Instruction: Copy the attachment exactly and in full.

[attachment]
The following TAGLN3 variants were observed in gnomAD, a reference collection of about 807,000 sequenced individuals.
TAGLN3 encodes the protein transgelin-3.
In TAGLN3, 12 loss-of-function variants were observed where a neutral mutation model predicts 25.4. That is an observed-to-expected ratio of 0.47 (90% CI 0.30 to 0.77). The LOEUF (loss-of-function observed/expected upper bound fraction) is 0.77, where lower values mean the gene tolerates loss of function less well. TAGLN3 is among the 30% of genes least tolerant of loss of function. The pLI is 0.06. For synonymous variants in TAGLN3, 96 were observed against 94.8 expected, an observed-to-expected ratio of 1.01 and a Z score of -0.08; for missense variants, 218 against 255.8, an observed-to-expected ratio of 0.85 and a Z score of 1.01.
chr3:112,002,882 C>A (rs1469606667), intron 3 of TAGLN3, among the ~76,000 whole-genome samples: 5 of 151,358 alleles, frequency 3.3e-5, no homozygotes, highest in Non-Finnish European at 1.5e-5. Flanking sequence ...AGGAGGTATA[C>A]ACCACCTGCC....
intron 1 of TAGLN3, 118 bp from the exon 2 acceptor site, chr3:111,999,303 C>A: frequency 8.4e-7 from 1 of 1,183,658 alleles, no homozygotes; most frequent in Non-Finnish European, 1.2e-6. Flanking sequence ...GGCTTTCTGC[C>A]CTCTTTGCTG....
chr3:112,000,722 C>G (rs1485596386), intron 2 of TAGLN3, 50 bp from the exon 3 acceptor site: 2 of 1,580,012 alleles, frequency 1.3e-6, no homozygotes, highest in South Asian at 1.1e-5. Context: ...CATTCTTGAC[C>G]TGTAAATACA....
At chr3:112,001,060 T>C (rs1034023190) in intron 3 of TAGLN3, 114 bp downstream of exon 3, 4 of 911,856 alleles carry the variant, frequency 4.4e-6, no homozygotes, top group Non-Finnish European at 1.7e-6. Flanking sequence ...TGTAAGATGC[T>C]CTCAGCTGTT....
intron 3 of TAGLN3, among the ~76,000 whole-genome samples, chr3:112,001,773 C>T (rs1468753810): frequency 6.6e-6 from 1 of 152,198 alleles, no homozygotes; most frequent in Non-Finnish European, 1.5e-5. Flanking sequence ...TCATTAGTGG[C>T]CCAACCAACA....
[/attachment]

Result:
The following TAGLN3 variants were observed in gnomAD, a reference collection of about 807,000 sequenced individuals.
TAGLN3 encodes the protein transgelin-3.
In TAGLN3, 12 loss-of-function variants were observed where a neutral mutation model predicts 25.4. That is an observed-to-expected ratio of 0.47 (90% CI 0.30 to 0.77). The LOEUF (loss-of-function observed/expected upper bound fraction) is 0.77, where lower values mean the gene tolerates loss of function less well. TAGLN3 is among the 30% of genes least tolerant of loss of function. The pLI is 0.06. For synonymous variants in TAGLN3, 96 were observed against 94.8 expected, an observed-to-expected ratio of 1.01 and a Z score of -0.08; for missense variants, 218 against 255.8, an observed-to-expected ratio of 0.85 and a Z score of 1.01.
chr3:112,002,882 C>A (rs1469606667), intron 3 of TAGLN3, among the ~76,000 whole-genome samples: 5 of 151,358 alleles, frequency 3.3e-5, no homozygotes, highest in Non-Finnish European at 1.5e-5. Flanking sequence ...AGGAGGTATA[C>A]ACCACCTGCC....
intron 1 of TAGLN3, 118 bp from the exon 2 acceptor site, chr3:111,999,303 C>A: frequency 8.4e-7 from 1 of 1,183,658 alleles, no homozygotes; most frequent in Non-Finnish European, 1.2e-6. Flanking sequence ...GGCTTTCTGC[C>A]CTCTTTGCTG....
chr3:112,000,722 C>G (rs1485596386), intron 2 of TAGLN3, 50 bp from the exon 3 acceptor site: 2 of 1,580,012 alleles, frequency 1.3e-6, no homozygotes, highest in South Asian at 1.1e-5. Context: ...CATTCTTGAC[C>G]TGTAAATACA....
At chr3:112,001,060 T>C (rs1034023190) in intron 3 of TAGLN3, 114 bp downstream of exon 3, 4 of 911,856 alleles carry the variant, frequency 4.4e-6, no homozygotes, top group Non-Finnish European at 1.7e-6. Flanking sequence ...TGTAAGATGC[T>C]CTCAGCTGTT....
intron 3 of TAGLN3, among the ~76,000 whole-genome samples, chr3:112,001,773 C>T (rs1468753810): frequency 6.6e-6 from 1 of 152,198 alleles, no homozygotes; most frequent in Non-Finnish European, 1.5e-5. Flanking sequence ...TCATTAGTGG[C>T]CCAACCAACA....